By Samantha McKenzie
Julian Bond lived a life on the frontline for social justice. When he died this past Sunday at the age of 75, he left behind a long list of accomplishments and a legacy of defending the rights of human beings.
His resume spanned the gamut:
- Co-founder of Student Nonviolent Coordinating Committee
- Chairman of the NAACP
- Georgia State House of Representatives
- Georgia State Senator
- Co-founder and first president for Southern Poverty Law Center
- Professor at Drexel, American, Harvard and University of Virginia
- Nationally syndicated newspaper columnist
- Radio commentator
- …and author
Each leg of his work was weighty and every step he took made a significant impact. He accomplished more in his lifetime than many. As I reflected on the life of this civil rights icon, I remembered all of the freedom fighters in our history, now gone, but who have left a page in the history books. They worked tirelessly against the grain of the majority and every victory came with a price. The names of Marcus Garvey, Dr. Martin Luther King, Jr., Fannie Lou Hamer, Malcolm X, Ida B. Wells, W.E.B. DuBois, Dorothy Heights and Carter G. Woodson come to mind. There were many more however.
They were all fueled by a common interest: They desired freedom, justice and equality for us all. These men and women took different paths to this goal and used a variety of platforms to keep the cry for freedom fresh on the minds of all who would listen. Their personal sacrifices weren’t always recorded. They didn’t win every battle. Jobs were lost. Spouses left them. Friends died. Amenities were few. The price of freedom came at a steep price and sometimes drove them to their human limits.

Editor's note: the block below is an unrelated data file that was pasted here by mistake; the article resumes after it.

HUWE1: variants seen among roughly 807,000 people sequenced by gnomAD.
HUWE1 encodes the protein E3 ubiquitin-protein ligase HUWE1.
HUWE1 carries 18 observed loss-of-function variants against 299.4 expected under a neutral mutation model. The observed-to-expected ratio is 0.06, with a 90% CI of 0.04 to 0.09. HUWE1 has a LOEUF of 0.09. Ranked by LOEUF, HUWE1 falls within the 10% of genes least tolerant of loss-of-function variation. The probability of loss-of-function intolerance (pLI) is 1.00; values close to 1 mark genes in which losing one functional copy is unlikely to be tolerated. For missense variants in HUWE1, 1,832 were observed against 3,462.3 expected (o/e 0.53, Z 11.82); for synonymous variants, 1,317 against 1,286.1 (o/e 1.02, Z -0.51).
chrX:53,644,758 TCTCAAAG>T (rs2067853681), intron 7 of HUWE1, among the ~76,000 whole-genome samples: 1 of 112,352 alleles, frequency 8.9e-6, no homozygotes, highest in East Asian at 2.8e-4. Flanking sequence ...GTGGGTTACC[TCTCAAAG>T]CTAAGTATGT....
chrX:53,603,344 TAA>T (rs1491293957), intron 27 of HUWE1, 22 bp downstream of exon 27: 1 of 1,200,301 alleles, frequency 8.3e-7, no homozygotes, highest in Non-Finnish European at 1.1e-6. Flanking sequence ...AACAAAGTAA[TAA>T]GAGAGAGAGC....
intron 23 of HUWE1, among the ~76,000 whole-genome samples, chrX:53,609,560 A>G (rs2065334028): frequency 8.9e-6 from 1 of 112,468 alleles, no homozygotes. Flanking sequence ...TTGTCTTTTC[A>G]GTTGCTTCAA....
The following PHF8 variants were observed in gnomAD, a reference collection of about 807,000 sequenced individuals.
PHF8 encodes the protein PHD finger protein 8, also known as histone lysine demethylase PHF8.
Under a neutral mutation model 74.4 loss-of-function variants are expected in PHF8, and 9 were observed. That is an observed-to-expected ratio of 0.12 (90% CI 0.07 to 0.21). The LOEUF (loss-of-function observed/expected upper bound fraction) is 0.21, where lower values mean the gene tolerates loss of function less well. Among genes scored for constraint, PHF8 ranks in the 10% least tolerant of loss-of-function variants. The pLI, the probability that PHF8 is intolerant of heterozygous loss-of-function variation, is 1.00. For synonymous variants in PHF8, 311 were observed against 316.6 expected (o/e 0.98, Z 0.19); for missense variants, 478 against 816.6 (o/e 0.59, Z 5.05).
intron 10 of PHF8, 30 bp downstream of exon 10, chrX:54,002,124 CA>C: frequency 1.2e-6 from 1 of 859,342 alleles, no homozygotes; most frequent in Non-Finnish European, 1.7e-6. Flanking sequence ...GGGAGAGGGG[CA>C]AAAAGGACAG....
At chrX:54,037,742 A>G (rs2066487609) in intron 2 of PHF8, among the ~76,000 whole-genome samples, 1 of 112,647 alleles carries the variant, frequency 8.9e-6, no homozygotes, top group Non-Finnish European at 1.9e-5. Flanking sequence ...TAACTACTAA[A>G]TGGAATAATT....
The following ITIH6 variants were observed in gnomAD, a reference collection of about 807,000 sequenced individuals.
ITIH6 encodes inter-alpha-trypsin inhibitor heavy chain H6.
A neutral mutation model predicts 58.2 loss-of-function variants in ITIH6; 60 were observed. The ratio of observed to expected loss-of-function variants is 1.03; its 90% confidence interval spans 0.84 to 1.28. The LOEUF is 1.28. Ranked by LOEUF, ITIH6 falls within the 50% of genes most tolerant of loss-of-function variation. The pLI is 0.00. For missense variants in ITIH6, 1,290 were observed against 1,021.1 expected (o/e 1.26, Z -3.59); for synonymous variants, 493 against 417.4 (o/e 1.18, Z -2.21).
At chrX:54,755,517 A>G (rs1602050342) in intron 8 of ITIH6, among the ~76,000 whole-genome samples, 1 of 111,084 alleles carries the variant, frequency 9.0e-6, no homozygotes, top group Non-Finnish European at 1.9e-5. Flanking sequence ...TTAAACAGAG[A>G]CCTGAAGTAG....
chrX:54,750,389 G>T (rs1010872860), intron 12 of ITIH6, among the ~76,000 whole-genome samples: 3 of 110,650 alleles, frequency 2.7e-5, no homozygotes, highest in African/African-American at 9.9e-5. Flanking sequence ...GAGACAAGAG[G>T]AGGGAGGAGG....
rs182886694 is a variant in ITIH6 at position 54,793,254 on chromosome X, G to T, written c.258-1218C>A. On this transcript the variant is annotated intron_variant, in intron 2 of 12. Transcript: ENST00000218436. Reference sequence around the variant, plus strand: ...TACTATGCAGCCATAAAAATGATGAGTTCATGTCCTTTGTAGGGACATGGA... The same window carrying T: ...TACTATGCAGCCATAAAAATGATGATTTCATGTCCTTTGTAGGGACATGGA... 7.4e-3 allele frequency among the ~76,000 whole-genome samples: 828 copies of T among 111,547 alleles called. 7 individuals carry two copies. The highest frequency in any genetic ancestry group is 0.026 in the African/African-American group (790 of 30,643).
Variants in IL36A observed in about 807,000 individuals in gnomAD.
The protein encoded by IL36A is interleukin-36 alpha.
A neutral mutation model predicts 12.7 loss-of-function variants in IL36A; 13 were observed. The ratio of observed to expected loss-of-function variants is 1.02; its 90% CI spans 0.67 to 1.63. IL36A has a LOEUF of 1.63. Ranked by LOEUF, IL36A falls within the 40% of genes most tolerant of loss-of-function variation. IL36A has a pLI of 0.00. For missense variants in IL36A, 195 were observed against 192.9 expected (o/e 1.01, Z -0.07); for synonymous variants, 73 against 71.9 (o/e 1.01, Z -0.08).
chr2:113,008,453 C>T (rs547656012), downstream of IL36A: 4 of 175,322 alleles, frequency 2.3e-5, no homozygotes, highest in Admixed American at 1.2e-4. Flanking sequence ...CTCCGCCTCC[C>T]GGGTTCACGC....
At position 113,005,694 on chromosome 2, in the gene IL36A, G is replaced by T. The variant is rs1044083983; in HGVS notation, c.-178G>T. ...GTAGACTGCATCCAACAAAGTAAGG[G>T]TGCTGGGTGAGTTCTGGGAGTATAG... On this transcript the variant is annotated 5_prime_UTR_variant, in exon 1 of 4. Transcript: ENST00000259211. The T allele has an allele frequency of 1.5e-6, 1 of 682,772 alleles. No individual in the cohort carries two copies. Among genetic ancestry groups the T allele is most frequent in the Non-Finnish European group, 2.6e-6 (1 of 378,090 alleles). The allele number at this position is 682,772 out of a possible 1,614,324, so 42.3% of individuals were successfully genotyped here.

When I think of Julian Bond and the many others, I think of their selflessness, sacrifice, determination, passion, bravery, steadfastness and commitment. I think of their resume of service to humanity.
I also think of the love they had for their people. I think of the hope they had for this nation.
I think of them often. I am honored to be a recipient of their labor.
May you rest in peace Julian Bond and may we continue the remaining pages in the history book of America.
3 Comments Add yours
He was a good man
Long before we knew of Barack Obama, I always thought Julian Bond would be our first Black President. He was that significant!
Yes he was. I have heard him speak before, but regrettably didn’t get a chance to officially meet him.